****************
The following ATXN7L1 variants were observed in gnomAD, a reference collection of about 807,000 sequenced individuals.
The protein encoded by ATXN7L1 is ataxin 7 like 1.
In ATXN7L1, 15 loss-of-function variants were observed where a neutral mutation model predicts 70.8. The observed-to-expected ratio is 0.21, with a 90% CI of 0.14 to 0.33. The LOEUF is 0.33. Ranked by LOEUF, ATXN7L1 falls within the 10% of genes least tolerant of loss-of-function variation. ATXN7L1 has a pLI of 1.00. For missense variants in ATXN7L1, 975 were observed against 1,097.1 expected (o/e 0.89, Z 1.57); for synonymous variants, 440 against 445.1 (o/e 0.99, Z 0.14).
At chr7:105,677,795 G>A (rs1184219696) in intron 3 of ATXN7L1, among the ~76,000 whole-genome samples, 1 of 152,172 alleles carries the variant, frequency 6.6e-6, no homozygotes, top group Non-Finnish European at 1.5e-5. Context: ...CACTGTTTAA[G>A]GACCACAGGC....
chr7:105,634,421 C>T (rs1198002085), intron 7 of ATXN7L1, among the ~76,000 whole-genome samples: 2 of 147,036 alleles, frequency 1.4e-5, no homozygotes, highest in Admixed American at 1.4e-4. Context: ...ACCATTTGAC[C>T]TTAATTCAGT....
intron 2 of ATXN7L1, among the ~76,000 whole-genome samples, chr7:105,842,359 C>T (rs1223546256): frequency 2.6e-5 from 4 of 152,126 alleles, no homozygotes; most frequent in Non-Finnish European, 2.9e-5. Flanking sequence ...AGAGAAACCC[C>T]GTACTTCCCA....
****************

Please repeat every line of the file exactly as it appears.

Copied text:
The following ATXN7L1 variants were observed in gnomAD, a reference collection of about 807,000 sequenced individuals.
The protein encoded by ATXN7L1 is ataxin 7 like 1.
In ATXN7L1, 15 loss-of-function variants were observed where a neutral mutation model predicts 70.8. The observed-to-expected ratio is 0.21, with a 90% CI of 0.14 to 0.33. The LOEUF is 0.33. Ranked by LOEUF, ATXN7L1 falls within the 10% of genes least tolerant of loss-of-function variation. ATXN7L1 has a pLI of 1.00. For missense variants in ATXN7L1, 975 were observed against 1,097.1 expected (o/e 0.89, Z 1.57); for synonymous variants, 440 against 445.1 (o/e 0.99, Z 0.14).
At chr7:105,677,795 G>A (rs1184219696) in intron 3 of ATXN7L1, among the ~76,000 whole-genome samples, 1 of 152,172 alleles carries the variant, frequency 6.6e-6, no homozygotes, top group Non-Finnish European at 1.5e-5. Context: ...CACTGTTTAA[G>A]GACCACAGGC....
chr7:105,634,421 C>T (rs1198002085), intron 7 of ATXN7L1, among the ~76,000 whole-genome samples: 2 of 147,036 alleles, frequency 1.4e-5, no homozygotes, highest in Admixed American at 1.4e-4. Context: ...ACCATTTGAC[C>T]TTAATTCAGT....
intron 2 of ATXN7L1, among the ~76,000 whole-genome samples, chr7:105,842,359 C>T (rs1223546256): frequency 2.6e-5 from 4 of 152,126 alleles, no homozygotes; most frequent in Non-Finnish European, 2.9e-5. Flanking sequence ...AGAGAAACCC[C>T]GTACTTCCCA....